April 29, 2016 - 17:31 AMT
PanARMENIAN.Net - The Wall Street Journal published an extensive article about world-famous art dealer Larry Gagosian who built an empire spanning 16 locations around the globe “by never saying no to his artists’ ambitions.”
With an estimated $1 billion in annual sales, Gagosian works across the contemporary and modern eras, representing living artists like John Currin and Mark Grotjahn while also dealing on behalf of the estates of Alberto Giacometti, Richard Avedon and Helen Frankenthaler.
He exhibits a wide range of work, from Instagram images appropriated by Richard Prince to boulders-as-sculpture by cerebral artist Michael Heizer. At the same time, he conducts sales on the so-called secondary market—a term he hates—by privately buying and selling artworks to clients, the WSJ says.
He was also an early proponent of the museum-quality show within a private gallery, securing sought-after loans of historic works that are often not for sale.
“It was completely a fluke,” says Gagosian of how he got started in the business. He grew up in Los Angeles, the only son of an Armenian family. His mother, Ann Louise, made a living acting and singing, while his father, Ara, was an accountant. His actor uncle, who played a pirate in the 1960 version of Peter Pan, for a time lived in the family’s small downtown apartment along with Gagosian’s sister and grandmother. After his father became a stockbroker, the family upgraded to Van Nuys, in the San Fernando Valley. In high school, Gagosian swam competitively; he continued to swim and play water polo at UCLA until he quit the team his sophomore year.
After earning a B.A. in English literature at 24, he kicked around doing odd jobs in L.A. before getting hired at William Morris Agency, from which he was fired after a year. Without savings, he needed a job and began working as a parking lot manager.
“I’ve always been somebody who just kind of does what’s in front of me,” says Gagosian. So when he observed a man selling posters near the parking lot, he decided to give it a shot and soon discovered he had a knack for selling. “So I started buying more expensive posters,” he says. “Rather than selling something for $15, with the frame it becomes $50 and $100.” Eventually he also started a frame shop, and then rented out a former Hungarian restaurant in Westwood Village in 1976. In this narrow space he opened Prints on Broxton, selling more upscale pieces to fledgling collectors.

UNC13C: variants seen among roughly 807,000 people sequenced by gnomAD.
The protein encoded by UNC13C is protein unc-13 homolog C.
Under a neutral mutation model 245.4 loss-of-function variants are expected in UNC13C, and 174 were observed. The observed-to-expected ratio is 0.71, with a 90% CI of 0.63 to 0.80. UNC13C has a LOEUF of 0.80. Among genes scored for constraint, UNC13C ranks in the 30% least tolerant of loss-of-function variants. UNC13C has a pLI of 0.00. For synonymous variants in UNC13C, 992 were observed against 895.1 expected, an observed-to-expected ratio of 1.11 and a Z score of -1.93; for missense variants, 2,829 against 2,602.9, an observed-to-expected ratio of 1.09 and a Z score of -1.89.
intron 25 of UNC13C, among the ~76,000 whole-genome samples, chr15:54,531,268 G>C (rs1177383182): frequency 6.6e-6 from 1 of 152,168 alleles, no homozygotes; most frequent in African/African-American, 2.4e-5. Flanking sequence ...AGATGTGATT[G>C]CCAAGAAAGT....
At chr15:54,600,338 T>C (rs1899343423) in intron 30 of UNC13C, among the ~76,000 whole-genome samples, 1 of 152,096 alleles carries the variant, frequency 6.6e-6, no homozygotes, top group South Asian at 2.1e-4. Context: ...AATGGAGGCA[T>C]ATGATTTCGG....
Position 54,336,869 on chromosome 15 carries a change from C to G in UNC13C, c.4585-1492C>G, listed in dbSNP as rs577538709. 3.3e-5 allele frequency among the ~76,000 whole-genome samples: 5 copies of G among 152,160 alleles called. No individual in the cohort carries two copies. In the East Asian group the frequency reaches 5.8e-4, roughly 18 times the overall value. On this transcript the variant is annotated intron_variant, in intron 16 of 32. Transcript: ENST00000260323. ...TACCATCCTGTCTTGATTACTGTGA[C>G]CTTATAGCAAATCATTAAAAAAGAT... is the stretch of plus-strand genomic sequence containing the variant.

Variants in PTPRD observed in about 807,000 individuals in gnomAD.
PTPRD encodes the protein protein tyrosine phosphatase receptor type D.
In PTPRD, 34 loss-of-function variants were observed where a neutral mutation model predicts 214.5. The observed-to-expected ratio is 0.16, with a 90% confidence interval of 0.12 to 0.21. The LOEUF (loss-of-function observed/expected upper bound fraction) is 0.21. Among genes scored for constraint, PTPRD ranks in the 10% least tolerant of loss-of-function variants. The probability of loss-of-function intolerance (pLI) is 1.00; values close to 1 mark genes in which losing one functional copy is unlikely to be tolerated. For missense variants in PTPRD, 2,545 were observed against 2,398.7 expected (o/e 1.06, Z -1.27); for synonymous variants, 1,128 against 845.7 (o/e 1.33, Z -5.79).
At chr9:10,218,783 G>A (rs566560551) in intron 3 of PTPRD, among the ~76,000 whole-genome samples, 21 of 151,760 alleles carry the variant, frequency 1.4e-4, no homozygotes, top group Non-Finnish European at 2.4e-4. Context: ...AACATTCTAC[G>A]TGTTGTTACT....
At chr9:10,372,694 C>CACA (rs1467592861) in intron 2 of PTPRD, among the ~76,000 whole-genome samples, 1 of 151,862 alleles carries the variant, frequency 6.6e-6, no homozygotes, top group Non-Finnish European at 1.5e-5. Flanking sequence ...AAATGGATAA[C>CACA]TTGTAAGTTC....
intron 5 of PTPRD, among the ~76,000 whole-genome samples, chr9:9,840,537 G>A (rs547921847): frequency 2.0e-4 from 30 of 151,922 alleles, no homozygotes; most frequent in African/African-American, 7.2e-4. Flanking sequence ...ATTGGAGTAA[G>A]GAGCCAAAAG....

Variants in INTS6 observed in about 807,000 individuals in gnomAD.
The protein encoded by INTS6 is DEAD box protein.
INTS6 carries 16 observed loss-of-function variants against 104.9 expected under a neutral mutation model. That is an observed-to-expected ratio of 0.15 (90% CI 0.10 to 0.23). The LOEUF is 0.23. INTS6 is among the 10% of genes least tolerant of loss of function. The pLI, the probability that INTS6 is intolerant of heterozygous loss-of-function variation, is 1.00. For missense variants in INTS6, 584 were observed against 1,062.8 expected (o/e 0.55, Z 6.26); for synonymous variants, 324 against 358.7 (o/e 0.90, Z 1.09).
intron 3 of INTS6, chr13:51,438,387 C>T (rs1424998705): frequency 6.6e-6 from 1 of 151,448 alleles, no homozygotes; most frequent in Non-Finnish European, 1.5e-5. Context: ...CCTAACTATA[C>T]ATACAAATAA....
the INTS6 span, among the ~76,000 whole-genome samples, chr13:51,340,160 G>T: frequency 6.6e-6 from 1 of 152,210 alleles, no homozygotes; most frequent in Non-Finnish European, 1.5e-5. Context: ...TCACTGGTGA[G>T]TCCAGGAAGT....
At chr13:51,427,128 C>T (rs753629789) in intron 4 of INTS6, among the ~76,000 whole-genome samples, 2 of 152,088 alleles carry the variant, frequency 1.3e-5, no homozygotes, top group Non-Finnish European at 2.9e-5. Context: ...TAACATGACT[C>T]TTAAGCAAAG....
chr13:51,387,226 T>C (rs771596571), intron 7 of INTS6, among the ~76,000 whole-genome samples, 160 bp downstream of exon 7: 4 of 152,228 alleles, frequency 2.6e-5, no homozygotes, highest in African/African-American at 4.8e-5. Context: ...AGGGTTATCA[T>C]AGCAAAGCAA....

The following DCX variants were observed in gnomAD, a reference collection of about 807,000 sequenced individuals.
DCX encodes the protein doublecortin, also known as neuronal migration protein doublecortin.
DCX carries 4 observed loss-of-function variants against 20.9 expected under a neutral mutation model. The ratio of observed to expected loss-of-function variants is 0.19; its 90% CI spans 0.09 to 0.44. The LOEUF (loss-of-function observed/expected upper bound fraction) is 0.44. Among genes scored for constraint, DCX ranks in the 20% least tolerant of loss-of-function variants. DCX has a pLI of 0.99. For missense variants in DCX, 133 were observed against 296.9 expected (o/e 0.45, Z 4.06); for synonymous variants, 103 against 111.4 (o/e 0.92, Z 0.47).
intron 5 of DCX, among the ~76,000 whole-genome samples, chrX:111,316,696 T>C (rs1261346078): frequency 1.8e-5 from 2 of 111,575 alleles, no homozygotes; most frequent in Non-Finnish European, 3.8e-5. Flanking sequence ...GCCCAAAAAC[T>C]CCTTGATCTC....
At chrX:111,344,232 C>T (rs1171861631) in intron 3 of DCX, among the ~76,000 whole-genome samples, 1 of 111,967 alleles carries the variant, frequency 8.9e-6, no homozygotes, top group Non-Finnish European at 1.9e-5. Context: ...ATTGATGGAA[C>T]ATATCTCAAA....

One day, while tearing through art magazines, he spotted a graphic black-and-white image by photographer Ralph Gibson. Gagosian looked up Gibson’s number in New York and cold-called to see if he would do a show in L.A. “It was very naive. Ninety-nine percent of the people you got on the phone like that would have blown me off,” he says. “Luckily he was a nice guy.” Gagosian had only been to New York once, as a teenager, but he flew out to meet Gibson, who in turn introduced him to his gallerist, Leo Castelli, who ultimately became the upstart’s mentor and introduced him to collectors. Soon Gagosian had a loft in New York across from Castelli’s space, which he purchased with $10,000 and a Brice Marden painting.
By 1985, Gagosian had opened his own space in New York, in a former truck dock in Chelsea, then a largely ungentrified area full of warehouses.
Finding buyers for pieces that are not officially for sale is a signature Gagosian move, the Journal says.
When Gagosian contemplates a relationship with a new artist, he considers several factors. “It’s about the quality of the work, and it’s about, also, can you sell it?” he says. “Because believe me, that’s what artists want: They want their work to sell. It’s a big responsibility, because you’re their main source of income. So you’ve got to make sure you can do the job. You know, they’re buying their country houses and they’re putting their kids in private schools and they need money, and that makes the world go around.”